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i'm using java.util.Stack but i'm missing a multipop


which should give me a list of 10 (or less is the stack does not contain enough) items from the stack (and remove them from the stack). Is there any standard class in java? or have i to implement it by myselfe?

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4 Answers 4

up vote 2 down vote accepted

In GS Collections, we have an alternative Stack implementation called ArrayStack that provides exactly this type of behavior.

MutableStack<String> stack = ArrayStack.newStackWith("j", "i", "h", "g", "f", "e", "d", "c", "b", "a");
ListIterable<String> result = stack.pop(2);
Assert.assertEquals(FastList.newListWith("a", "b"), result);
Assert.assertEquals(Arrays.asList("c", "d", "e", "f"), stack.pop(4, new ArrayList<String>()));
Assert.assertEquals(ArrayStack.newStackFromTopToBottom("g", "h", "i", "j"), stack);
Assert.assertEquals(HashBag.newBagWith("g", "h", "i", "j"), stack.pop(4, HashBag.<String>newBag()));

We also have support for a multi-peek, via peek(int).

Note: I am a developer on GS Collections.

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There is not a multipop method. You could extend Stack to add your own functionality.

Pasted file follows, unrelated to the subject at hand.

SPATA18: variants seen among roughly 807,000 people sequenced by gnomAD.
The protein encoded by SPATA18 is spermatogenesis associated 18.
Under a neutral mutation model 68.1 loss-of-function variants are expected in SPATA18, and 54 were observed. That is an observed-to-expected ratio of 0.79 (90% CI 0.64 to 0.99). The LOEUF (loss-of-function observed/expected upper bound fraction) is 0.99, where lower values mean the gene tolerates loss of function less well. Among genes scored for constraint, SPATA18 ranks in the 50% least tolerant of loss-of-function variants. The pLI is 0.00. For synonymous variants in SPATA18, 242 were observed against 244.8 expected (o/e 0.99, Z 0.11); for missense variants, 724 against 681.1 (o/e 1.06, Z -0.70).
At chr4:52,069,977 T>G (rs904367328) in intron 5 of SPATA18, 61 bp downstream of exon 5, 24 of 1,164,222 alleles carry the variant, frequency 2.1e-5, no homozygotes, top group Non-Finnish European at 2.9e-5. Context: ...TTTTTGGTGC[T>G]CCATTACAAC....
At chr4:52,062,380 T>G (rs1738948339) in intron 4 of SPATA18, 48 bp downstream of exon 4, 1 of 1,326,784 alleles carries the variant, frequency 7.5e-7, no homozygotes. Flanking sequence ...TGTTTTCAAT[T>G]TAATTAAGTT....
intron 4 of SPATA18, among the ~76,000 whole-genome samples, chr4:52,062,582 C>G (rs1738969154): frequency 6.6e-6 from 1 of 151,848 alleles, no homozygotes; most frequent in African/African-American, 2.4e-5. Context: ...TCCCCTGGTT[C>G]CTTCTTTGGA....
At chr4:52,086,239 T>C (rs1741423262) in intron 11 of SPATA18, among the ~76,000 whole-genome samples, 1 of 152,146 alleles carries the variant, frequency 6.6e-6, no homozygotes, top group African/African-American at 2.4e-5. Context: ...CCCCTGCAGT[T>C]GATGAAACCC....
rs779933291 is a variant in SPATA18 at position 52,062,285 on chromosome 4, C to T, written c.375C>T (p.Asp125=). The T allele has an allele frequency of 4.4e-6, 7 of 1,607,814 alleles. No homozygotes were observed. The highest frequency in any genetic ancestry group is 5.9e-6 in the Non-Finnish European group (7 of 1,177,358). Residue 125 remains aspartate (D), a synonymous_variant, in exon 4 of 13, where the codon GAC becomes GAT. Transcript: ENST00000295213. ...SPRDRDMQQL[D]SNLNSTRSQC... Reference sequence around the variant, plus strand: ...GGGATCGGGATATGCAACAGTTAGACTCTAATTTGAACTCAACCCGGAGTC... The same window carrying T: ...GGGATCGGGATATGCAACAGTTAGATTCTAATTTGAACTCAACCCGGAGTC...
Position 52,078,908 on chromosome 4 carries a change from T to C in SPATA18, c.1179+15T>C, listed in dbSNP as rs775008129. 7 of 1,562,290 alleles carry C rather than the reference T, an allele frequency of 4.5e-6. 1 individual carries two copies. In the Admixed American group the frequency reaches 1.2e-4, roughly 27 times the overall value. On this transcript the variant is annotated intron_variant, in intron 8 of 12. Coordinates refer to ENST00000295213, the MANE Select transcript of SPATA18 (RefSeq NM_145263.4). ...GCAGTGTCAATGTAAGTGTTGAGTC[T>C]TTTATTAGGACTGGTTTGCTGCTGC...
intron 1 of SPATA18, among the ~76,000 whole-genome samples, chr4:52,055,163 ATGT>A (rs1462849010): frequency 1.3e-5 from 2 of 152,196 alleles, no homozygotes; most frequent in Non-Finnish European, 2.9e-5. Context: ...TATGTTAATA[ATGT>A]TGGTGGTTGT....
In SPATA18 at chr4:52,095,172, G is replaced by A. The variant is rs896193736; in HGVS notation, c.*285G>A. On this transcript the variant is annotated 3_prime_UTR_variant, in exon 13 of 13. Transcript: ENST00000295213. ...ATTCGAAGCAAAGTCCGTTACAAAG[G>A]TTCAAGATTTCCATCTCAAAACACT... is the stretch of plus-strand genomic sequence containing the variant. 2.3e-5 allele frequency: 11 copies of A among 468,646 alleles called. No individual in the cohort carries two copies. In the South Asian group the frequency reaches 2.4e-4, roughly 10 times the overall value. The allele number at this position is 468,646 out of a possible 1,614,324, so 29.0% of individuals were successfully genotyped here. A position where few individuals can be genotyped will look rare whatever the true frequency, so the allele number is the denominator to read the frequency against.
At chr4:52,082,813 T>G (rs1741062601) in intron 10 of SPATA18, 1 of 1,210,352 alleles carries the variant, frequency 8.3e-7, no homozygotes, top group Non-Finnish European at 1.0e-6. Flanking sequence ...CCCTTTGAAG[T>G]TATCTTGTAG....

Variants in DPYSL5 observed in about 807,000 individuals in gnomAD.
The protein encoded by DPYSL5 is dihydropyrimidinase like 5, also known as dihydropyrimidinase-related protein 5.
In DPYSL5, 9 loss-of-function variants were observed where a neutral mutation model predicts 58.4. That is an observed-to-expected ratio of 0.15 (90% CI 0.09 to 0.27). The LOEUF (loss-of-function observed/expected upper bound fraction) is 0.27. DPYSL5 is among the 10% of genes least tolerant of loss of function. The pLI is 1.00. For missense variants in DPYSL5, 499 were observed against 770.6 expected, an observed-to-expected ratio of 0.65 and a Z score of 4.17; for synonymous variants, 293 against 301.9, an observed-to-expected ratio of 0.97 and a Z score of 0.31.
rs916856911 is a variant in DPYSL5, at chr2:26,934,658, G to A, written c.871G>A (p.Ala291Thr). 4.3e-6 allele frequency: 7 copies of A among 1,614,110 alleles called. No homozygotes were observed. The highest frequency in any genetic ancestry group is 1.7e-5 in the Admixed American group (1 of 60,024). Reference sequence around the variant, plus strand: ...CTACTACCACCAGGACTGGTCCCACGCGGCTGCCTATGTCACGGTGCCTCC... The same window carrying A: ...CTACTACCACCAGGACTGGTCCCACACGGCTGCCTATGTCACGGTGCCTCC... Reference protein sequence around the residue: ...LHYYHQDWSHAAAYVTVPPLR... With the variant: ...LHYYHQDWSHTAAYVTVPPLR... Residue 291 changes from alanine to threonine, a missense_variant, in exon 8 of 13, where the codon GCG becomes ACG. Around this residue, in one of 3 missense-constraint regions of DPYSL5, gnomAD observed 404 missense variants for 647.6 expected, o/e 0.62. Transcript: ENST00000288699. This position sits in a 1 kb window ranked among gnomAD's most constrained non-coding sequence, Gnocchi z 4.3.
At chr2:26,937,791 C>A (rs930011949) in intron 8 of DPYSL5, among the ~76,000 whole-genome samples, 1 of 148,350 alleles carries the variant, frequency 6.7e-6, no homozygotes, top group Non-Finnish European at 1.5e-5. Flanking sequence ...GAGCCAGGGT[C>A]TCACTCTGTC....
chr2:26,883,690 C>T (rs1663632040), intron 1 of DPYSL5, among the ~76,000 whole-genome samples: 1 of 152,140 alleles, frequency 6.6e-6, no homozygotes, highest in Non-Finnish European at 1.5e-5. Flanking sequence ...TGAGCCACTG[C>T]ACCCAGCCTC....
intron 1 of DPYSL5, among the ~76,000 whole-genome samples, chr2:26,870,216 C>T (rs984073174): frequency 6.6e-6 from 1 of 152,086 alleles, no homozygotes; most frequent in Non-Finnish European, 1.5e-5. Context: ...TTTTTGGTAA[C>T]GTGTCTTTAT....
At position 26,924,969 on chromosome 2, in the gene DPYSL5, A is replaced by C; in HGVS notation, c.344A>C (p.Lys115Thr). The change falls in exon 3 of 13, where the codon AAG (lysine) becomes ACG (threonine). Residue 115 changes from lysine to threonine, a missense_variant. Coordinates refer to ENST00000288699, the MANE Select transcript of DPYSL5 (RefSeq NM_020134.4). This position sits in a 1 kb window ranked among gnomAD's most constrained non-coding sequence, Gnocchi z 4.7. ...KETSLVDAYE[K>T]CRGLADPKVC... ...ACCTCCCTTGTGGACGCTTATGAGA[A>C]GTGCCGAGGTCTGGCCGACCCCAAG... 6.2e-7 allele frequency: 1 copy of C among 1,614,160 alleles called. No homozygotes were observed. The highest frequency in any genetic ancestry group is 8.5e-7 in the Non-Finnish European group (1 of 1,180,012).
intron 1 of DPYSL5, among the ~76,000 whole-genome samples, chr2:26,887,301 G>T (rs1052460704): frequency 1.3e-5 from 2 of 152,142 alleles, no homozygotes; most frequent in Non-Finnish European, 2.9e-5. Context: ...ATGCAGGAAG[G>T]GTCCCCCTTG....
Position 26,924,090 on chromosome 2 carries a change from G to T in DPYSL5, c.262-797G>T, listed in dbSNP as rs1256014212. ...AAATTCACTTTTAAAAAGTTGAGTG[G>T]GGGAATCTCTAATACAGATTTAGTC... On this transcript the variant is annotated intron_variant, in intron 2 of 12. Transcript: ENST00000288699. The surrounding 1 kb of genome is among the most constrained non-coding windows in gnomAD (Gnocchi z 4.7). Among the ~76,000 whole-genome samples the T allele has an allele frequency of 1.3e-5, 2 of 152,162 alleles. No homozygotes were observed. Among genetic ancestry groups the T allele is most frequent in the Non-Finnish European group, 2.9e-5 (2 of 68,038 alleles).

public class ImprovedStack<E> extends Stack<E> {

    public synchronized E[] pop(int count) {
        E[] objs = new E[count];
        for (int i = 0; i < count; i++) {
            objs[i] = pop();
        return objs;

With this implementation, an EmptyStackException will be thrown if the stack has fewer objects than count, but you can modify it to your needs.

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Don't think there is any standard impl for this in Java; have a look at this related question. (i think the answers here are quite concise)

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You could use a NavigableSet that would keep the data in the order you prefer ( use a custom comparator for this) and allows you to query a headset, subset or a tailset.

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